The one area that the NP-M260X was a little weak was properly displaying very light colors on bright backgrounds. Every projector we test goes through over 25 calibration routines to set it up for optimal viewing before any tests are conducted. When in an optimal display setting, the NP-M260X tends to wash out light images. If a presenter knew he or she was specifically going to need to display these types of images, the projector could be set accordingly by reducing the brightness and contrast settings. However, if it was just being used normally, then the NP-M260X would wash out anything below about a 10 percent gradient over a bright field. It’s just something to keep in mind.
A feature that would have been nice to have on the NP-M260X is an automatic focus. Especially in an educational setting, projectors are moved around or can get bumped out of place, and the addition of an automatic focus could keep images from getting blurry as well as decrease setup times. Perhaps that is too much to expect in a value projector, but it would have been a nice addition.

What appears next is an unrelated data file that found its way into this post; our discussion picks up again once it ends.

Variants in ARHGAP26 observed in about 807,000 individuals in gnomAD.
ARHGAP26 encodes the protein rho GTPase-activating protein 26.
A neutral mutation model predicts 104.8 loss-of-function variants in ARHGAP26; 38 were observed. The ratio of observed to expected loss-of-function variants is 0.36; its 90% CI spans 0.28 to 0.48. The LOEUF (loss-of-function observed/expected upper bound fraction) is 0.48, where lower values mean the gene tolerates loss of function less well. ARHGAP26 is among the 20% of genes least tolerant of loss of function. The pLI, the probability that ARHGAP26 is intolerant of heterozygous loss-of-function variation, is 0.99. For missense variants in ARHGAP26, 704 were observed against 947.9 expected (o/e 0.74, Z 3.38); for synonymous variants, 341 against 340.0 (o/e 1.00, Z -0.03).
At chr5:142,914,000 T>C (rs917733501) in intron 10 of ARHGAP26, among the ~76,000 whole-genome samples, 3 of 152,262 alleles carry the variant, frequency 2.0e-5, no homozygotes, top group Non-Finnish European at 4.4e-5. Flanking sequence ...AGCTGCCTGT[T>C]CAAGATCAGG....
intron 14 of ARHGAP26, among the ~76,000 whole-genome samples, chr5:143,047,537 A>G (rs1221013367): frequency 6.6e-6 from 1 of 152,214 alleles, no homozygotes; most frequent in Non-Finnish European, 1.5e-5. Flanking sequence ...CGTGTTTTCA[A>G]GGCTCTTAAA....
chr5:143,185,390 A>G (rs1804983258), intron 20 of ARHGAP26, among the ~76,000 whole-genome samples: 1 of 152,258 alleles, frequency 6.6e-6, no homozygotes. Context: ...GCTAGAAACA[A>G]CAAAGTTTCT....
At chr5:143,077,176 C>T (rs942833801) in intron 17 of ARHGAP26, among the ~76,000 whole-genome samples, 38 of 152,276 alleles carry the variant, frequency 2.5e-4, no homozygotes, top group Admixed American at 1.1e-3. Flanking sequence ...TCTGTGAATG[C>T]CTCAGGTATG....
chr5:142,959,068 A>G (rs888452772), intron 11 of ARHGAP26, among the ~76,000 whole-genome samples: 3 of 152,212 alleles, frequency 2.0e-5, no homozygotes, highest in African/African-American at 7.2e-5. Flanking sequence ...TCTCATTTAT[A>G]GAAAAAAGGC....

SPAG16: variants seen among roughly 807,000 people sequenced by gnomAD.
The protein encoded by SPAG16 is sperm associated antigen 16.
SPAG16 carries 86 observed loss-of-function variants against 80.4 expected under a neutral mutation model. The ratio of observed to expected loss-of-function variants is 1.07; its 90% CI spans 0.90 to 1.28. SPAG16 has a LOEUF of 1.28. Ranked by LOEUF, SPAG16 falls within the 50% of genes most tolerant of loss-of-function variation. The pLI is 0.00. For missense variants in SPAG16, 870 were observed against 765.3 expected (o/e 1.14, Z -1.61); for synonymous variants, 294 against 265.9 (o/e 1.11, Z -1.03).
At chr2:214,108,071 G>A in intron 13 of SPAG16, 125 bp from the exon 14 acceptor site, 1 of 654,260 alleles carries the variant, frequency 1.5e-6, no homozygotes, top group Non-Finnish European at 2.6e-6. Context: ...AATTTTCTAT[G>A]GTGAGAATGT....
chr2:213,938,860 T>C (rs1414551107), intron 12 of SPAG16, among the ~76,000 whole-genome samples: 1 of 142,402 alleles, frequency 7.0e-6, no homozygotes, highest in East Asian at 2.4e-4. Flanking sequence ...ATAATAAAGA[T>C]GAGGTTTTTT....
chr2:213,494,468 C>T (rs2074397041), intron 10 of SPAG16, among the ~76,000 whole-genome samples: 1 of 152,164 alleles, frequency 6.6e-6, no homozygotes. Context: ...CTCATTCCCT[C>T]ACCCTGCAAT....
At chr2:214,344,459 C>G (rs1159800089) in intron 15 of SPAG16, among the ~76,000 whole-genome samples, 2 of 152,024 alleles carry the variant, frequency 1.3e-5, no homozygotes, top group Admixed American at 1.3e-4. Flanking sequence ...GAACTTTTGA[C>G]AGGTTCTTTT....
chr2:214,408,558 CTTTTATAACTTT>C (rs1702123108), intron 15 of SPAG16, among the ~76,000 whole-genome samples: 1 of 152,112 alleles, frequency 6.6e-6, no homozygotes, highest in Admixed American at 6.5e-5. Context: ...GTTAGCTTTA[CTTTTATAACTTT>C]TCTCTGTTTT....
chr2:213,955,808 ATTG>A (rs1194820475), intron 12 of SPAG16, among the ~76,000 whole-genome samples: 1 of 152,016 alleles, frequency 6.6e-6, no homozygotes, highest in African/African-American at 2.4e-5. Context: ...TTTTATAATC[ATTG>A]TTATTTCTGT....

One extra that the NP-M260X does have is an eco mode, which reduces the brightness automatically by about 20 percent. There is even a carbon footprint counter to show users how much energy was saved by running in eco mode each time the NP-M260X is powered down. All of our testing was conducted with eco mode disabled, but energy-conscious agencies may want to leave it active and claim the savings in their overall conservation plans.
Along those lines, the lens cover, which is a thick plastic model attached to the projector, can actually be used to save energy. When you slide the cover closed, the brightness of NP-M260X is reduced to about 25 percent and audio is disabled. That way, the projector has not totally shut off but is using less energy while it waits for the presentation to resume.
The NP-M260X is a nearly perfect projector for an educational setting. It’s inexpensive, can complete almost all display tasks adequately, and is absolutely perfect for showing movies or other moving pictures. It will advance to the head of your favorite class.
NEC Display Solutions, www.necdisplay.com